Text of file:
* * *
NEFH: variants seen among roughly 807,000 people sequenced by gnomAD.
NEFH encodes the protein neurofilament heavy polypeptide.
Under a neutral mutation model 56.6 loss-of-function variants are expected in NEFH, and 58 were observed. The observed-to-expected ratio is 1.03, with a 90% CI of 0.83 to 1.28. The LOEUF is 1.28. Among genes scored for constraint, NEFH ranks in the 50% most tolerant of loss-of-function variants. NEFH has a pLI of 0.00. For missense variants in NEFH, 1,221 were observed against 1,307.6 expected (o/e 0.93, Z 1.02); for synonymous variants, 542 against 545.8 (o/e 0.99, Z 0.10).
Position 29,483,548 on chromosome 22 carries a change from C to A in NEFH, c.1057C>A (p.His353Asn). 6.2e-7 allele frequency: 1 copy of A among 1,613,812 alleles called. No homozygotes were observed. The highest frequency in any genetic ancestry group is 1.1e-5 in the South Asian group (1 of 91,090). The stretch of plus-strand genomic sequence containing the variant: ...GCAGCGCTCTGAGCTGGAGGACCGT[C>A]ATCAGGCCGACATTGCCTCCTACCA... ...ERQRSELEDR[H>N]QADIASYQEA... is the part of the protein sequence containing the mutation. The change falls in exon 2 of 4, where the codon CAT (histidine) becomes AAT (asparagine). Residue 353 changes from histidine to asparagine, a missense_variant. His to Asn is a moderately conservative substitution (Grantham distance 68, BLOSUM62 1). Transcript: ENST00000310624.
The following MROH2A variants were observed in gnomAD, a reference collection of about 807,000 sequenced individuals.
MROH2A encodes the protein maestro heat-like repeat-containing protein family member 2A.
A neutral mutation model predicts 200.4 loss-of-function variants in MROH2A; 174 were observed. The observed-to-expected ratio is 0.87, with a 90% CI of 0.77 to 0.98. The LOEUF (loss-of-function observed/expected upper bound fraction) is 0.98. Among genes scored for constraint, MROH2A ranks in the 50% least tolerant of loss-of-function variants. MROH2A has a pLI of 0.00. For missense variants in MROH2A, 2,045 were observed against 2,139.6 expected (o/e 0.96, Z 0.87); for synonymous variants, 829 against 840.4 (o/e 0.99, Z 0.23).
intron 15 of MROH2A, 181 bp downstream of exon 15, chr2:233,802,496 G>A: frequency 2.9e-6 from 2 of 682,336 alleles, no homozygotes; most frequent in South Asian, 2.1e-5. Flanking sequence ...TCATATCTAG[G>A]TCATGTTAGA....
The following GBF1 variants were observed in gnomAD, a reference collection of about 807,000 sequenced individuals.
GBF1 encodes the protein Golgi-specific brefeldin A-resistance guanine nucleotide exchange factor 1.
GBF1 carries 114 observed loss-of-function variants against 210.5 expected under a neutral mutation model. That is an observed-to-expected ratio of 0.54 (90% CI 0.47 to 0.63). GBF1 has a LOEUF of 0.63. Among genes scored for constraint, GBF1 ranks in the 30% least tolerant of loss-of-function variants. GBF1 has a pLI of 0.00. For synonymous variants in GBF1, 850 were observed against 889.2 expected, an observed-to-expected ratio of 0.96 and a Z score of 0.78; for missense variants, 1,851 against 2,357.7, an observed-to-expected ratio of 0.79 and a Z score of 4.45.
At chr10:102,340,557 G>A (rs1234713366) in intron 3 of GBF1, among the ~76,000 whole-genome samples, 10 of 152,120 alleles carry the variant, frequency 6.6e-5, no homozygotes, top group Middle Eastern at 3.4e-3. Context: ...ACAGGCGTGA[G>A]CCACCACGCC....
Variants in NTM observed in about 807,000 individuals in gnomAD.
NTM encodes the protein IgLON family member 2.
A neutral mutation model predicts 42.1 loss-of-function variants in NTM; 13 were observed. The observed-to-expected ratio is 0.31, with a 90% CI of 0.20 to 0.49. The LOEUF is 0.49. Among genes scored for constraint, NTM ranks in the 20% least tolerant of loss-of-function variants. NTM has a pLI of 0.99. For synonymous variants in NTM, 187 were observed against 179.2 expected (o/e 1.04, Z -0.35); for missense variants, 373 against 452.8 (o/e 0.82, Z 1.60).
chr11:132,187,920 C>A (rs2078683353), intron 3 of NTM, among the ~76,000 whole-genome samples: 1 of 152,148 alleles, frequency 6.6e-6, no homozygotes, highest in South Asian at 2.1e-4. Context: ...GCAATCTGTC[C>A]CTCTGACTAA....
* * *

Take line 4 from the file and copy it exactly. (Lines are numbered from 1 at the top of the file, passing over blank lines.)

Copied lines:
Position 29,483,548 on chromosome 22 carries a change from C to A in NEFH, c.1057C>A (p.His353Asn). 6.2e-7 allele frequency: 1 copy of A among 1,613,812 alleles called. No homozygotes were observed. The highest frequency in any genetic ancestry group is 1.1e-5 in the South Asian group (1 of 91,090). The stretch of plus-strand genomic sequence containing the variant: ...GCAGCGCTCTGAGCTGGAGGACCGT[C>A]ATCAGGCCGACATTGCCTCCTACCA... ...ERQRSELEDR[H>N]QADIASYQEA... is the part of the protein sequence containing the mutation. The change falls in exon 2 of 4, where the codon CAT (histidine) becomes AAT (asparagine). Residue 353 changes from histidine to asparagine, a missense_variant. His to Asn is a moderately conservative substitution (Grantham distance 68, BLOSUM62 1). Transcript: ENST00000310624.